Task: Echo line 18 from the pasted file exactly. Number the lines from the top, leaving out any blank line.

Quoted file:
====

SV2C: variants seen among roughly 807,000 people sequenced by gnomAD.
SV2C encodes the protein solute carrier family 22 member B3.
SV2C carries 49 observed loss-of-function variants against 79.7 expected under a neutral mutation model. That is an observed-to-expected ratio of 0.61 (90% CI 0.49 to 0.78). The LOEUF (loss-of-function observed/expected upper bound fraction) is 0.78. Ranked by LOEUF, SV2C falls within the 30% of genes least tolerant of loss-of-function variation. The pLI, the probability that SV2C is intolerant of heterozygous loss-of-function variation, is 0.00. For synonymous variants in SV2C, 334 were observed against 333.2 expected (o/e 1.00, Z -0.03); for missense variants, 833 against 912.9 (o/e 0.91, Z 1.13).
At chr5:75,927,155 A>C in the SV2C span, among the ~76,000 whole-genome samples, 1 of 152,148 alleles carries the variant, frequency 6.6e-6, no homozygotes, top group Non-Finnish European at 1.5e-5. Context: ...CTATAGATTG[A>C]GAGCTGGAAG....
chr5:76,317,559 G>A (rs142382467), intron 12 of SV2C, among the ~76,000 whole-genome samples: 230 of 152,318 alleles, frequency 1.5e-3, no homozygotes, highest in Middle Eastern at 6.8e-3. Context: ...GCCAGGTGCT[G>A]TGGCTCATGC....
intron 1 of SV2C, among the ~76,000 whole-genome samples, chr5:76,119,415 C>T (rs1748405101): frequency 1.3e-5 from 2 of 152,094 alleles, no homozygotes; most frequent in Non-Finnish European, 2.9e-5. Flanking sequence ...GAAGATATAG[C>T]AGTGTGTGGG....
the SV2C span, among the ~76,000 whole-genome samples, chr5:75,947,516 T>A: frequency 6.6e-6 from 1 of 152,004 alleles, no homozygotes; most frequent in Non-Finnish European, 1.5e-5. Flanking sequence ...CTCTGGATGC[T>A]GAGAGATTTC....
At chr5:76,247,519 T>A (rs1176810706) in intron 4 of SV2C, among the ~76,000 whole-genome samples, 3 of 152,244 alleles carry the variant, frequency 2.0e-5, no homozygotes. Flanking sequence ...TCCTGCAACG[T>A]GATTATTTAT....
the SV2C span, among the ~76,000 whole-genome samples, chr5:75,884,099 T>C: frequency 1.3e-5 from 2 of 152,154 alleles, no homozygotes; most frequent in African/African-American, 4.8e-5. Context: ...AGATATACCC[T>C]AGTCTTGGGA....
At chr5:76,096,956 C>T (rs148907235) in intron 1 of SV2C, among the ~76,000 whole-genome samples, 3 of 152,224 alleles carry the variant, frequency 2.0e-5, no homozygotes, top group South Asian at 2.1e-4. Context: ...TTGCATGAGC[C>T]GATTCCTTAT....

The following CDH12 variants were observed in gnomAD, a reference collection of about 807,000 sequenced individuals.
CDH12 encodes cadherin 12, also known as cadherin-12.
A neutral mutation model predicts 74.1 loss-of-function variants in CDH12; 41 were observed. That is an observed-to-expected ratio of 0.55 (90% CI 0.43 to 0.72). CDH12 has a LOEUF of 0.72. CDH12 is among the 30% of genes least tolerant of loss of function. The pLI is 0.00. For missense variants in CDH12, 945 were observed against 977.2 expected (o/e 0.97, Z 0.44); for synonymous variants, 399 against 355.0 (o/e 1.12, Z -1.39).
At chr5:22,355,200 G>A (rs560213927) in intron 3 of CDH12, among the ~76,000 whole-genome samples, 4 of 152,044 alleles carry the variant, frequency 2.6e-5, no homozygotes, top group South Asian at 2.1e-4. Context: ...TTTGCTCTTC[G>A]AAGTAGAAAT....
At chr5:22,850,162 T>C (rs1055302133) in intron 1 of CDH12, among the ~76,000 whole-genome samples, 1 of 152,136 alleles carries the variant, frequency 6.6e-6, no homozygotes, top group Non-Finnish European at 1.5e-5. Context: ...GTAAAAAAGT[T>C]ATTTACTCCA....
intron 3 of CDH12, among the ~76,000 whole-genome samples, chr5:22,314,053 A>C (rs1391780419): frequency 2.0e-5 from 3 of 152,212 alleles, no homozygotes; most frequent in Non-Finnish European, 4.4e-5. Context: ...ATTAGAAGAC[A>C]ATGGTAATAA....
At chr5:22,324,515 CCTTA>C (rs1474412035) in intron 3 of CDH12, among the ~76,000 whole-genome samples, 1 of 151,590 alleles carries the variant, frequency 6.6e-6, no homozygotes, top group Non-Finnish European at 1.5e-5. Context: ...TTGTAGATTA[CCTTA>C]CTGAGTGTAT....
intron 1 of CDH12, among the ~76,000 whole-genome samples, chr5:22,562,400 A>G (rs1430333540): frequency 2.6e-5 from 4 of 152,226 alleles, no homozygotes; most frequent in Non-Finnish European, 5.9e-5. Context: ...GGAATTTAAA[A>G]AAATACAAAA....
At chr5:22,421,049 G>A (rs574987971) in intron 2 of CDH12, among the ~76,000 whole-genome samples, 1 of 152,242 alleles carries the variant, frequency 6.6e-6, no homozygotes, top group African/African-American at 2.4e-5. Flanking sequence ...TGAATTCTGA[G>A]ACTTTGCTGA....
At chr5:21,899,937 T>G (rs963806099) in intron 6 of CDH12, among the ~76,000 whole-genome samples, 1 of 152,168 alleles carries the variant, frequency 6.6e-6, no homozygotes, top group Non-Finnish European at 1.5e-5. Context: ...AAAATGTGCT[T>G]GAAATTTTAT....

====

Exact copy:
intron 1 of CDH12, among the ~76,000 whole-genome samples, chr5:22,562,400 A>G (rs1430333540): frequency 2.6e-5 from 4 of 152,226 alleles, no homozygotes; most frequent in Non-Finnish European, 5.9e-5. Context: ...GGAATTTAAA[A>G]AAATACAAAA....